An MMDF mailbox is a text file containing an arbitrary number of e-mail messages. Each message consists of a postmark, followed by an e-mail message formatted according to RFC822 / RFC2822, followed by a postmark. The file format is line-oriented. Lines are separated by line feed characters (ASCII 10). A postmark line consists of the four characters "^A^A^A^A" (Control-A; ASCII 1).
>From what I learned about the MMDF-format:
Subject: test 2
In contrast to most other single file mailbox formats like MBOXO and MBOXRD (see mbox(5)) there is no need to quote/dequote "From "-lines in MMDF mailboxes as such lines have no special meaning in this format.
If the modification-time (usually determined via stat(2)) of a nonempty mailbox file is greater than the access-time the file has new mail. Many MUAs place a Status: header in each message to indicate which messages have already been read.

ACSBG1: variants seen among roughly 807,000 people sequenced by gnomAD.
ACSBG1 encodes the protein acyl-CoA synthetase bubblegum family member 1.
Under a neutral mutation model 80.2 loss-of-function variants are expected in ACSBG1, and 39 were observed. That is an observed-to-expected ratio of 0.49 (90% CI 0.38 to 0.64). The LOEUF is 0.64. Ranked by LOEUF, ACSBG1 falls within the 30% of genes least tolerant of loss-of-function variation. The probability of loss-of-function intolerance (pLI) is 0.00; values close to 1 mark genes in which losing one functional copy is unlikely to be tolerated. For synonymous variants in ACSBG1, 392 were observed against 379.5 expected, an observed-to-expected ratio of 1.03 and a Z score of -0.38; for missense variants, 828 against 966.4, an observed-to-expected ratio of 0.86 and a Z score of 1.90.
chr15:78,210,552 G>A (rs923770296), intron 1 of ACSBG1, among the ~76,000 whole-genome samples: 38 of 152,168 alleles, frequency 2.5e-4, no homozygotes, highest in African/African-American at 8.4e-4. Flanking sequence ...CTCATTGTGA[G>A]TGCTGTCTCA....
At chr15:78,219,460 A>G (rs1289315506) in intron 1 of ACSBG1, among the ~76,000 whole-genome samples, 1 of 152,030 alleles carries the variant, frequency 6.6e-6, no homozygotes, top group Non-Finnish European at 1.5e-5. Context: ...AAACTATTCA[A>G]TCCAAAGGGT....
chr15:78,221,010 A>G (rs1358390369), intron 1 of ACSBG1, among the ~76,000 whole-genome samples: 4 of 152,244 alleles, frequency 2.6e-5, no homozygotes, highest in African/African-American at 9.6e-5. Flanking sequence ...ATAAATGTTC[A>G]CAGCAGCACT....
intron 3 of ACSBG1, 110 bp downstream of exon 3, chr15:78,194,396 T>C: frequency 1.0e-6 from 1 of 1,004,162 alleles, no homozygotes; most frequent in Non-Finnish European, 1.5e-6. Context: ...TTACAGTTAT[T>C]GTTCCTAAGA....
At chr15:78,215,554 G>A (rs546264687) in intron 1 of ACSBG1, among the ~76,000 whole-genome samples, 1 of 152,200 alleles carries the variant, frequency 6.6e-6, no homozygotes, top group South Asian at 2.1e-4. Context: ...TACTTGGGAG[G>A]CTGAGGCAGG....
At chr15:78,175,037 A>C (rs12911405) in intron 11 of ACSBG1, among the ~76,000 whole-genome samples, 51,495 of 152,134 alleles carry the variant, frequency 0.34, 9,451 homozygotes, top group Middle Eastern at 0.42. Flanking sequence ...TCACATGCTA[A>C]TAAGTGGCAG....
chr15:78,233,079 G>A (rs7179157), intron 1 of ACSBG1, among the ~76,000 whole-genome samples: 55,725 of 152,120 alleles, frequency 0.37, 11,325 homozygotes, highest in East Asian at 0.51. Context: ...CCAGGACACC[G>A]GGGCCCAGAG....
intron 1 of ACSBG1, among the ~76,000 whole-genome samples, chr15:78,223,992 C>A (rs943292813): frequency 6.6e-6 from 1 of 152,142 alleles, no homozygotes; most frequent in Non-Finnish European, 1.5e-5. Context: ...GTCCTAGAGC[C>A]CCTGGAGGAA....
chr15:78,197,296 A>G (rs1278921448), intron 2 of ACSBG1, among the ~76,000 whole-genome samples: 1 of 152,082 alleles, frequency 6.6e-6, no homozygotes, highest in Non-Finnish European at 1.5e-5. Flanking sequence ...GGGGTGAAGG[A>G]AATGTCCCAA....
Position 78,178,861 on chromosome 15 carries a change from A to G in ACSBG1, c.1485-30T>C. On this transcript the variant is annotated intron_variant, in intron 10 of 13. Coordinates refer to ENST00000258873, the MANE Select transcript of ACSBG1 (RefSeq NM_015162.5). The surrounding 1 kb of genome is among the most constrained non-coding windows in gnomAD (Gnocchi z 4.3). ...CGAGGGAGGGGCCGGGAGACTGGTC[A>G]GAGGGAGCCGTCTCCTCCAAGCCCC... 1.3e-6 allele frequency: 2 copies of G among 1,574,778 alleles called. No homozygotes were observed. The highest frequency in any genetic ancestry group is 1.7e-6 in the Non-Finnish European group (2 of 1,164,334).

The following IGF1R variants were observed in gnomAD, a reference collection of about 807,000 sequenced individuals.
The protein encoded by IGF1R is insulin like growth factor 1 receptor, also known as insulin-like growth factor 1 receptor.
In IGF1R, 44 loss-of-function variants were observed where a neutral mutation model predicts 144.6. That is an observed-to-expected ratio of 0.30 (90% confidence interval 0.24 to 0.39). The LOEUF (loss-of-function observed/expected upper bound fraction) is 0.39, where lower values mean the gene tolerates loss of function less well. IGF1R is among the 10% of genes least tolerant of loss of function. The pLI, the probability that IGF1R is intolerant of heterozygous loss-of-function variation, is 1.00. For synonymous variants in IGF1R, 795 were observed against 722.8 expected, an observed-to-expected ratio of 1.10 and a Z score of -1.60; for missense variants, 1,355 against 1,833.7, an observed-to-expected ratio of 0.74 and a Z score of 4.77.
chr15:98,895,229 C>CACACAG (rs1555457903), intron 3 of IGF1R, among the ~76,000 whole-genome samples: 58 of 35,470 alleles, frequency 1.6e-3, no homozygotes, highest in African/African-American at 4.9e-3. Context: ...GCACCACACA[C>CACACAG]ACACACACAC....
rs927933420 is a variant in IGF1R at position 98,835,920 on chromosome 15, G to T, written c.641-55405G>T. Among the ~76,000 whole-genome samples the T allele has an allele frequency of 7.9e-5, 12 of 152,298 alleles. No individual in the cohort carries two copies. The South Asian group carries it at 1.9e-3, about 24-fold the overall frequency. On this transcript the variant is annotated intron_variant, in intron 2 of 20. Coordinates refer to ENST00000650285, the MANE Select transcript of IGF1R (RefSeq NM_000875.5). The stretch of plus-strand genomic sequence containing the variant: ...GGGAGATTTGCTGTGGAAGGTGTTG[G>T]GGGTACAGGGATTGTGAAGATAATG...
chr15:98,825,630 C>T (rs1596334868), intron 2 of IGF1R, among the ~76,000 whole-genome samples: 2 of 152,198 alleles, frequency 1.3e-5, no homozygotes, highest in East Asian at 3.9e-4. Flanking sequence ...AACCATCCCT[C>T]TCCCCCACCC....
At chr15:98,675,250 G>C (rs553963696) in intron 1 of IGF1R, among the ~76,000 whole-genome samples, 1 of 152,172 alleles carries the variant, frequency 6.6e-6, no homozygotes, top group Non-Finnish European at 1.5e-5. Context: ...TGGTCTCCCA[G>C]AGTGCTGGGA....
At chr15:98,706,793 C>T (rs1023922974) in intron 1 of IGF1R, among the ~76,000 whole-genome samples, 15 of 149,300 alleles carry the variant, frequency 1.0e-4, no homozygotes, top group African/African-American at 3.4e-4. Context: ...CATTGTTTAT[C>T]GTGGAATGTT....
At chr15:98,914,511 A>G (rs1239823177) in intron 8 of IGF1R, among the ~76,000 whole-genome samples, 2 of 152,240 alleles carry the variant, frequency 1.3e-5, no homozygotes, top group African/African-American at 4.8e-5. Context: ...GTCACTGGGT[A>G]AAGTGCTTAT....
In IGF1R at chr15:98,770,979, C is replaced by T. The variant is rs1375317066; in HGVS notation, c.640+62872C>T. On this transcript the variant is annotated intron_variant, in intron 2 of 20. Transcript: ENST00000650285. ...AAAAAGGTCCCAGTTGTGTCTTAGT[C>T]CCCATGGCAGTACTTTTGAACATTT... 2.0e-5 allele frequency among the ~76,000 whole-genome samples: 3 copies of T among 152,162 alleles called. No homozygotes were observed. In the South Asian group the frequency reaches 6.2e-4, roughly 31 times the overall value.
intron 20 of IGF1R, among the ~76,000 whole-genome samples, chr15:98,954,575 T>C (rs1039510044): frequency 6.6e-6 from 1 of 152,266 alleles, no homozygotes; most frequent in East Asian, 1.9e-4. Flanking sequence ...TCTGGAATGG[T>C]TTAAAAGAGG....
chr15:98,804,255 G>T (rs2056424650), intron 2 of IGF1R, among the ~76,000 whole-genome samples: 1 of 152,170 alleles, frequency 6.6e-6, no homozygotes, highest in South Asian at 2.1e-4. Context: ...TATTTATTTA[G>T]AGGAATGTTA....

Three different locking mechanisms (and combinations thereof) are in general use:
If multiple methods are combined, implementors should make sure to use the non-blocking variants of the fcntl(2) and flock(2) system calls in order to avoid deadlocks.
If multiple methods are combined, an MMDF file must not be considered to have been successfully locked before all individual locks were obtained. When one of the individual locking methods fails, an application should release all locks it acquired successfully, and restart the entire locking procedure from the beginning, after a suitable delay.
The locking mechanism used on a particular system is a matter of local policy, and should be consistently used by all applications installed on the system which access MMDF files. Failure to do so may result in loss of e-mail data, and in corrupted MMDF files.